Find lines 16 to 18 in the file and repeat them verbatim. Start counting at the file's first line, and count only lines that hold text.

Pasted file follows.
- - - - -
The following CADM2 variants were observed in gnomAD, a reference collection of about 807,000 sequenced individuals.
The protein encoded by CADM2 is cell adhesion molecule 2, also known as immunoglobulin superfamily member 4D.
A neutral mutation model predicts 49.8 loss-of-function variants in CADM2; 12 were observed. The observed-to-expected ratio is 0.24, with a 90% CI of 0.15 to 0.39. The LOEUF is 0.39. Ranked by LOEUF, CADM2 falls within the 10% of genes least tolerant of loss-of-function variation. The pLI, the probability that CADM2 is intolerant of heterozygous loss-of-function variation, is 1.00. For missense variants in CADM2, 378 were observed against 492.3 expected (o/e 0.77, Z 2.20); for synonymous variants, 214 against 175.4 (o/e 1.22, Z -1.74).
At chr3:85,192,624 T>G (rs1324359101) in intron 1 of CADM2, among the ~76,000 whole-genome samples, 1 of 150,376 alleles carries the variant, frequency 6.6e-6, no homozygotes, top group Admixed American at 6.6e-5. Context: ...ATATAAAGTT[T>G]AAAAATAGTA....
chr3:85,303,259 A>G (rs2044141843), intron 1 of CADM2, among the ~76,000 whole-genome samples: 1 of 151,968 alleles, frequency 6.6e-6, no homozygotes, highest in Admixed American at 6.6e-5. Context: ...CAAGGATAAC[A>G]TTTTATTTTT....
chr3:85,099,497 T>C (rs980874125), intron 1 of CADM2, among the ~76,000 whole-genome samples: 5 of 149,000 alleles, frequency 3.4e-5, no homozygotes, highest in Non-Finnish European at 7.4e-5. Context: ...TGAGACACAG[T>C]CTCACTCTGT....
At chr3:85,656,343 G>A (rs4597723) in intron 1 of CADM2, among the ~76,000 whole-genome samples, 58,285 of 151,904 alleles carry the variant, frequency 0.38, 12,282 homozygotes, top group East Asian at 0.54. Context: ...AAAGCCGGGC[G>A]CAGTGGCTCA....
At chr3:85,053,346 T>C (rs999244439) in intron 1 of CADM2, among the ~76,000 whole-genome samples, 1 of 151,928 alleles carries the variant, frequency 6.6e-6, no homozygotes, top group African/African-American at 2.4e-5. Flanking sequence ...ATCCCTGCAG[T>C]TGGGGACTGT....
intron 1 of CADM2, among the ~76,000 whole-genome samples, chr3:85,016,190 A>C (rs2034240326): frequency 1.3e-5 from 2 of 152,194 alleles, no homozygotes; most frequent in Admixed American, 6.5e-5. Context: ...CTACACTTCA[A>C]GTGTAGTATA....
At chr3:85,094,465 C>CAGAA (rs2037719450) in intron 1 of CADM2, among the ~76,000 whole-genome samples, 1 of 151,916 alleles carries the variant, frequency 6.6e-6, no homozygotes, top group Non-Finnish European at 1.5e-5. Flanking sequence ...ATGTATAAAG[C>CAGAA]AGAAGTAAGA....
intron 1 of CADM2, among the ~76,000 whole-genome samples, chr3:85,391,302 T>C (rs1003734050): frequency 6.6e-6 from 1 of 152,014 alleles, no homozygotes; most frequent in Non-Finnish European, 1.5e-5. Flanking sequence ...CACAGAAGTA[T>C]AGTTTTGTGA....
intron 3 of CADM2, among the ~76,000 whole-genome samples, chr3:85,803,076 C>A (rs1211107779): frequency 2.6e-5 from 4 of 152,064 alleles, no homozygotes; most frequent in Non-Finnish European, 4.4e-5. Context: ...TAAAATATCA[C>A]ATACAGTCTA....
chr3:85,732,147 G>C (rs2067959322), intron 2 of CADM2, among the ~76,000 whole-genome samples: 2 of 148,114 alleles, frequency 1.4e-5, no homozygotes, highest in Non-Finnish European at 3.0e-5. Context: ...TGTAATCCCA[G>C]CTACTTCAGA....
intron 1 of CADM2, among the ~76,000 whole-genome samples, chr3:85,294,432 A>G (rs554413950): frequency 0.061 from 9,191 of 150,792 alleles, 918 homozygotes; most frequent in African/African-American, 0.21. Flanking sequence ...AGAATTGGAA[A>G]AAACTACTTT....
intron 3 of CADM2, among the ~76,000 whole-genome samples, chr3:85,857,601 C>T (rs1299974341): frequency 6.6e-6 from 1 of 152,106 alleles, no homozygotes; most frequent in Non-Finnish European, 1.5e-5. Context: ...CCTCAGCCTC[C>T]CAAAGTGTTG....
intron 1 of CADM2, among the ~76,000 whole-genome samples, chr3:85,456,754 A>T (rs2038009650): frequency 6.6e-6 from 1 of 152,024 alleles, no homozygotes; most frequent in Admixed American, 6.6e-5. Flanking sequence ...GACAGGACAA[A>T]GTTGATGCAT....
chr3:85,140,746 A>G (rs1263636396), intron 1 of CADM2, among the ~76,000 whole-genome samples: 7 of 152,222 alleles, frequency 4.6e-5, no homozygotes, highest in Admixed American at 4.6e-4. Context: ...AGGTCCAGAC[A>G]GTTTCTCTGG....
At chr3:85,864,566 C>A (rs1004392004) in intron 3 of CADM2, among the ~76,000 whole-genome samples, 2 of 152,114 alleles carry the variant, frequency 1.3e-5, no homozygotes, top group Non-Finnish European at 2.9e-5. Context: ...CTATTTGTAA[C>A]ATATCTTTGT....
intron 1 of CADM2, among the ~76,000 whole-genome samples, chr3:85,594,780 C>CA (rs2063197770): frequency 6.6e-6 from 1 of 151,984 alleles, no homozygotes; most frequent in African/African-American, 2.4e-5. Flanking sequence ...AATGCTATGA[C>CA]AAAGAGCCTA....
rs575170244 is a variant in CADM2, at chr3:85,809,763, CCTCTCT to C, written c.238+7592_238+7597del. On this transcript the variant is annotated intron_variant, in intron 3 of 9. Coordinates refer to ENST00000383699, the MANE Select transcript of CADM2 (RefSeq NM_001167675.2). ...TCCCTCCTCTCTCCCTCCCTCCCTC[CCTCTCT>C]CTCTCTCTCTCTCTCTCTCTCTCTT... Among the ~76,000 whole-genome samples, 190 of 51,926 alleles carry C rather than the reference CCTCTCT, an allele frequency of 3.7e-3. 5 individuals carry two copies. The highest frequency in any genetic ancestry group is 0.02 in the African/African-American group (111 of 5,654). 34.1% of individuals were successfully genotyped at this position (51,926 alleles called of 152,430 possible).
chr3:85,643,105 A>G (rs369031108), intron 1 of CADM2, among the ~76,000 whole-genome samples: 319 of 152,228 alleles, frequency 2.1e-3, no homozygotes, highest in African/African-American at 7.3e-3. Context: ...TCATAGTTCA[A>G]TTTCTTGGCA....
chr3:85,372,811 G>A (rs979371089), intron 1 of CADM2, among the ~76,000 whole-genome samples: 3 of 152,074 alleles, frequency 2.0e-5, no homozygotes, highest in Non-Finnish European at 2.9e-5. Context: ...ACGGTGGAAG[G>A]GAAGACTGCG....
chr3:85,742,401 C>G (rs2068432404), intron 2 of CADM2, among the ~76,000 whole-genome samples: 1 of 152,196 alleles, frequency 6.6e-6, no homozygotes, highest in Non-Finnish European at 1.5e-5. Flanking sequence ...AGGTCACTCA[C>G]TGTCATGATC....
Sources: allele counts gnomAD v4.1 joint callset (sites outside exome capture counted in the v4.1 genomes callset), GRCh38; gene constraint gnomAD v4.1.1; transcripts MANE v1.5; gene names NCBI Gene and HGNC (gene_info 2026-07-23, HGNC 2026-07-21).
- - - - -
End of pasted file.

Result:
intron 1 of CADM2, among the ~76,000 whole-genome samples, chr3:85,456,754 A>T (rs2038009650): frequency 6.6e-6 from 1 of 152,024 alleles, no homozygotes; most frequent in Admixed American, 6.6e-5. Flanking sequence ...GACAGGACAA[A>T]GTTGATGCAT....
chr3:85,140,746 A>G (rs1263636396), intron 1 of CADM2, among the ~76,000 whole-genome samples: 7 of 152,222 alleles, frequency 4.6e-5, no homozygotes, highest in Admixed American at 4.6e-4. Context: ...AGGTCCAGAC[A>G]GTTTCTCTGG....
At chr3:85,864,566 C>A (rs1004392004) in intron 3 of CADM2, among the ~76,000 whole-genome samples, 2 of 152,114 alleles carry the variant, frequency 1.3e-5, no homozygotes, top group Non-Finnish European at 2.9e-5. Context: ...CTATTTGTAA[C>A]ATATCTTTGT....